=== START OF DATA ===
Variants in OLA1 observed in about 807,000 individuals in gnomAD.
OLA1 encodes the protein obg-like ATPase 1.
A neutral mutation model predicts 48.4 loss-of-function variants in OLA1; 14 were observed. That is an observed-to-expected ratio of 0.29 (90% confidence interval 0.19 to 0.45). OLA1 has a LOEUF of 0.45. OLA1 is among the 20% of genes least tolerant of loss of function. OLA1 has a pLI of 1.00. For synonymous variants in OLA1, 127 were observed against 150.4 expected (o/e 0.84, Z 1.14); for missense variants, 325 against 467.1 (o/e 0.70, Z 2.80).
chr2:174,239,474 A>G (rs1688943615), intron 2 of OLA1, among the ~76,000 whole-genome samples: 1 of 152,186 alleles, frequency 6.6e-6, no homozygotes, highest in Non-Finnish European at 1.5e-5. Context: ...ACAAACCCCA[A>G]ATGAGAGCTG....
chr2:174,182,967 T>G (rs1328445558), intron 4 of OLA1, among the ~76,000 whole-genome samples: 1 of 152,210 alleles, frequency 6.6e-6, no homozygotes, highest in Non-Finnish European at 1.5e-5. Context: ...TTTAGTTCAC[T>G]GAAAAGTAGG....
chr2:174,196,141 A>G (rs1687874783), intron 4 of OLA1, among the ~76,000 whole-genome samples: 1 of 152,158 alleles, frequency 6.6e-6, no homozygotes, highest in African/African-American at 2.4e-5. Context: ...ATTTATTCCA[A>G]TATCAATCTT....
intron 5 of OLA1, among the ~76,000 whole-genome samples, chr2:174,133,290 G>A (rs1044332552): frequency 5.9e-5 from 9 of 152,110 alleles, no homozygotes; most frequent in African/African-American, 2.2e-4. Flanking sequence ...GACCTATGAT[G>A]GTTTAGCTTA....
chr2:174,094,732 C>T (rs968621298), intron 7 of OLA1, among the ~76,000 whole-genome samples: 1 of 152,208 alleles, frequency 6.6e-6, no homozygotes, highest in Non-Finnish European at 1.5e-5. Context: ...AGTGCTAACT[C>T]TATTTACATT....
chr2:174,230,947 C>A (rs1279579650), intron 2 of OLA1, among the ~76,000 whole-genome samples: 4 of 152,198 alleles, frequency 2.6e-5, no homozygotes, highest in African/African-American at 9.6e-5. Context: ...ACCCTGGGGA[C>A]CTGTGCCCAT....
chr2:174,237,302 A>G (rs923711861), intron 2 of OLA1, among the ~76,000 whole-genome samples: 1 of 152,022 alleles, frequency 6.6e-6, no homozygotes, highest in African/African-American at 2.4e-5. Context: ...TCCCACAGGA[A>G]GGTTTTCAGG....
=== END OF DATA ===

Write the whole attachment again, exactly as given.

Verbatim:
Variants in OLA1 observed in about 807,000 individuals in gnomAD.
OLA1 encodes the protein obg-like ATPase 1.
A neutral mutation model predicts 48.4 loss-of-function variants in OLA1; 14 were observed. That is an observed-to-expected ratio of 0.29 (90% confidence interval 0.19 to 0.45). OLA1 has a LOEUF of 0.45. OLA1 is among the 20% of genes least tolerant of loss of function. OLA1 has a pLI of 1.00. For synonymous variants in OLA1, 127 were observed against 150.4 expected (o/e 0.84, Z 1.14); for missense variants, 325 against 467.1 (o/e 0.70, Z 2.80).
chr2:174,239,474 A>G (rs1688943615), intron 2 of OLA1, among the ~76,000 whole-genome samples: 1 of 152,186 alleles, frequency 6.6e-6, no homozygotes, highest in Non-Finnish European at 1.5e-5. Context: ...ACAAACCCCA[A>G]ATGAGAGCTG....
chr2:174,182,967 T>G (rs1328445558), intron 4 of OLA1, among the ~76,000 whole-genome samples: 1 of 152,210 alleles, frequency 6.6e-6, no homozygotes, highest in Non-Finnish European at 1.5e-5. Context: ...TTTAGTTCAC[T>G]GAAAAGTAGG....
chr2:174,196,141 A>G (rs1687874783), intron 4 of OLA1, among the ~76,000 whole-genome samples: 1 of 152,158 alleles, frequency 6.6e-6, no homozygotes, highest in African/African-American at 2.4e-5. Context: ...ATTTATTCCA[A>G]TATCAATCTT....
intron 5 of OLA1, among the ~76,000 whole-genome samples, chr2:174,133,290 G>A (rs1044332552): frequency 5.9e-5 from 9 of 152,110 alleles, no homozygotes; most frequent in African/African-American, 2.2e-4. Flanking sequence ...GACCTATGAT[G>A]GTTTAGCTTA....
chr2:174,094,732 C>T (rs968621298), intron 7 of OLA1, among the ~76,000 whole-genome samples: 1 of 152,208 alleles, frequency 6.6e-6, no homozygotes, highest in Non-Finnish European at 1.5e-5. Context: ...AGTGCTAACT[C>T]TATTTACATT....
chr2:174,230,947 C>A (rs1279579650), intron 2 of OLA1, among the ~76,000 whole-genome samples: 4 of 152,198 alleles, frequency 2.6e-5, no homozygotes, highest in African/African-American at 9.6e-5. Context: ...ACCCTGGGGA[C>A]CTGTGCCCAT....
chr2:174,237,302 A>G (rs923711861), intron 2 of OLA1, among the ~76,000 whole-genome samples: 1 of 152,022 alleles, frequency 6.6e-6, no homozygotes, highest in African/African-American at 2.4e-5. Context: ...TCCCACAGGA[A>G]GGTTTTCAGG....